Talk:GLAM/Newsletter/September 2014/Contents/Special story

Latest comment: 9 years ago by Jonasoberg

Hm, almost 6 months to hash the whole Commons? And how about the rest of the images of the Internet? :) I guess it's useful for internal comparisons or to compare one file at a time with the whole Commons dataset (i.e. to produce attribution), but not much for chasing copyvios etc., right? --Nemo 21:50, 11 October 2014 (UTC)Reply

We're cautious not to overload the servers, but we'll start adding more processing nodes to it soon enough. Our aim is to do about a million images per day, which will allow us to tackle other open resources too aside from Commons - thanks very much for noticing and paying attention to that we can't settle on just Commons :) And yes, this is definitely not for chasing copyright violations, we're not particularly interested in that aspect. We feel that if we can help in ensuring that images re-used are attributed accurately, the need to chase down copyright violations might also be less. --Jonasoberg (talk) 22:52, 11 October 2014 (UTC)Reply

An immediate use case that comes to mind is having a version of the "Duplicates of this file" section of the image page, but actually giving what the user expects instead of "Exact" duplicates. Such a db could also be useful to tag images that are similar to previously deleted images as needing review. Bawolff (talk) 22:41, 11 October 2014 (UTC)Reply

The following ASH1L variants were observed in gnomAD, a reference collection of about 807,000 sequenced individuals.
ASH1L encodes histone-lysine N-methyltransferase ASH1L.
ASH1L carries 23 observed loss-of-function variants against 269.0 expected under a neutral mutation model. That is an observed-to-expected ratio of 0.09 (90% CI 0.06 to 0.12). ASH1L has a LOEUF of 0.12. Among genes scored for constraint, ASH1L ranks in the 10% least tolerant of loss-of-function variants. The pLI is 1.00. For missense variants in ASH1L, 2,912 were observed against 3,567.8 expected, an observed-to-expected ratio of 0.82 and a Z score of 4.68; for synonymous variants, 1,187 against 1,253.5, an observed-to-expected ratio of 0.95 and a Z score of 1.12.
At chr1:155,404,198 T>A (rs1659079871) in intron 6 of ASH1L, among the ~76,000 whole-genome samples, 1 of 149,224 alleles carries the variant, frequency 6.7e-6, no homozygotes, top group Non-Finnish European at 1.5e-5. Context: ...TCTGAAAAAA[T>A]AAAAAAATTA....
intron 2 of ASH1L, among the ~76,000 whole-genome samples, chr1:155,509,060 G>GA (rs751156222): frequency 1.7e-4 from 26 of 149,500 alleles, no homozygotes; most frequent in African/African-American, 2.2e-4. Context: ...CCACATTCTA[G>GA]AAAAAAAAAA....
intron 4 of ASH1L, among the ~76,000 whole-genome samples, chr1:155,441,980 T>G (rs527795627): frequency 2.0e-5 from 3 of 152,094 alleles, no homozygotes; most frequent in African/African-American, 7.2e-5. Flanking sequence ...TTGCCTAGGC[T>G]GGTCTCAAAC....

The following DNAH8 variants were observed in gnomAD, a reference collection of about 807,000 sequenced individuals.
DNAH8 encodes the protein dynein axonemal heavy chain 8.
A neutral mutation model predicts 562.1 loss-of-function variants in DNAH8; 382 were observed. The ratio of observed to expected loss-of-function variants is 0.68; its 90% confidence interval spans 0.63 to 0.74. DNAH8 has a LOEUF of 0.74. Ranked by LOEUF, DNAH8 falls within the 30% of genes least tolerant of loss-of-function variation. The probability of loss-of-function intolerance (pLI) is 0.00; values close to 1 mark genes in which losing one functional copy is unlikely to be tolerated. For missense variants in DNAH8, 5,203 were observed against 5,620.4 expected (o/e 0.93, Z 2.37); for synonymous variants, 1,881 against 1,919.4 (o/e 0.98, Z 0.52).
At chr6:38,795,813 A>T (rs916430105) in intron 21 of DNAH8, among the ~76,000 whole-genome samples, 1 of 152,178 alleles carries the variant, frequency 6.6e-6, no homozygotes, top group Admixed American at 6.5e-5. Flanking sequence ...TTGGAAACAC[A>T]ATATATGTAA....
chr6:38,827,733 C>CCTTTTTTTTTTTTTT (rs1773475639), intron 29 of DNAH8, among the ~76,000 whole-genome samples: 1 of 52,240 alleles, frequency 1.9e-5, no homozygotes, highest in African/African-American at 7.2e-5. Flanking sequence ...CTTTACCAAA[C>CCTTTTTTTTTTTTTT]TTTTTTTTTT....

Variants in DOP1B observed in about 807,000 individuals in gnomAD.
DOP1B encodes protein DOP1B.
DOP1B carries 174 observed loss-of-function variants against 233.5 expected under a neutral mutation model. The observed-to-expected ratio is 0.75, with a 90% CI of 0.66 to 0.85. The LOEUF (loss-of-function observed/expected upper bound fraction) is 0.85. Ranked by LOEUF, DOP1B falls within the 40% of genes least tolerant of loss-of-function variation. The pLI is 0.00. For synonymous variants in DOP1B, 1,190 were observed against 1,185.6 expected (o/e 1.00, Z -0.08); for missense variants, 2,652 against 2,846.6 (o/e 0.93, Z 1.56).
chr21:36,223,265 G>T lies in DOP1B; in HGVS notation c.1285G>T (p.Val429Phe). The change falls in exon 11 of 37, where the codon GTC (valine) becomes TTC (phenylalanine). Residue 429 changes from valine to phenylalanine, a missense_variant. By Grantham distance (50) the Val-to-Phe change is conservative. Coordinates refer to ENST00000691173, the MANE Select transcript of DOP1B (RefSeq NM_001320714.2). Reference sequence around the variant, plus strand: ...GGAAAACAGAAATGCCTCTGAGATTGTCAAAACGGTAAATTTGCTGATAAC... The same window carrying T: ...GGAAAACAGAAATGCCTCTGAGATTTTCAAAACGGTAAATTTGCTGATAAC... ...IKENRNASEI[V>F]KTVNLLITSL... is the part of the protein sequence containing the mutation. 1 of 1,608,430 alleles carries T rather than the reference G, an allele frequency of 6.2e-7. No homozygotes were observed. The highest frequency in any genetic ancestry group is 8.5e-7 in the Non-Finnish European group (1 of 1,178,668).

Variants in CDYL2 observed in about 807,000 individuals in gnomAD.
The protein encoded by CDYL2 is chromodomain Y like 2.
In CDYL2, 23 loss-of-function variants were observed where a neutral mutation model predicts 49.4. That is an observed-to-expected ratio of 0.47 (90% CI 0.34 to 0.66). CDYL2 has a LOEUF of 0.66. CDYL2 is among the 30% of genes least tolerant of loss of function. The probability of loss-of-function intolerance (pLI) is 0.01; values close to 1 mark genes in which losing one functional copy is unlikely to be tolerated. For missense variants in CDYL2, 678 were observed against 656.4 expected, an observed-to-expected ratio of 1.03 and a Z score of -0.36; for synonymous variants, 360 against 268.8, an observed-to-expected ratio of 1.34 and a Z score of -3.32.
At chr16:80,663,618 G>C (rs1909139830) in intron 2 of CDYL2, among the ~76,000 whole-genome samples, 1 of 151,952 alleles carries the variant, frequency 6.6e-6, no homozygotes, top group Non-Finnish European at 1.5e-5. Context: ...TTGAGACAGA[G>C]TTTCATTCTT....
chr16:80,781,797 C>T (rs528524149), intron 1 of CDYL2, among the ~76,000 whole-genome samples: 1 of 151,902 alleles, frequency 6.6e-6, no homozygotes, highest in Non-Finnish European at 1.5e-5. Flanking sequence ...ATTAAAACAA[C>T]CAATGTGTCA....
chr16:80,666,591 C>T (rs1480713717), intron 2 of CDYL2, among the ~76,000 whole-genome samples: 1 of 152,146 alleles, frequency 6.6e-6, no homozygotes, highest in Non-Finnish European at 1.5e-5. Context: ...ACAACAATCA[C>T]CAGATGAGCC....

That wouldn't be terribly difficult it seems. Remember though that we're talking about more-or-less exact copies, where nothing has changed except for the image size and perhaps the file format. For more advanced matching, capturing also when images have been cropped or otherwise changed, it may be easy enough to just direct the user to a Google Image Reverse Search with the parameter "". As long as we stay in the more-or-less exact copies space, our db has a public API so once we have a bit more of Commons hashed, it wouldn't be a problem to send queries through it. (For the moment, we'd have to make do with our API/service. We'll eventually dedicate the hashes back to Commons -- we're carefully following the Structured Data discussions -- but searching them requires a few more tricks since we define matches as images which has hashes with hamming distance of at most 10 bits. It's a near-match search, rather than a exact search, so just having the hashes in WikiData or on Commons doesn't mean that you can easily search them) --Jonasoberg (talk) 22:52, 11 October 2014 (UTC)Reply
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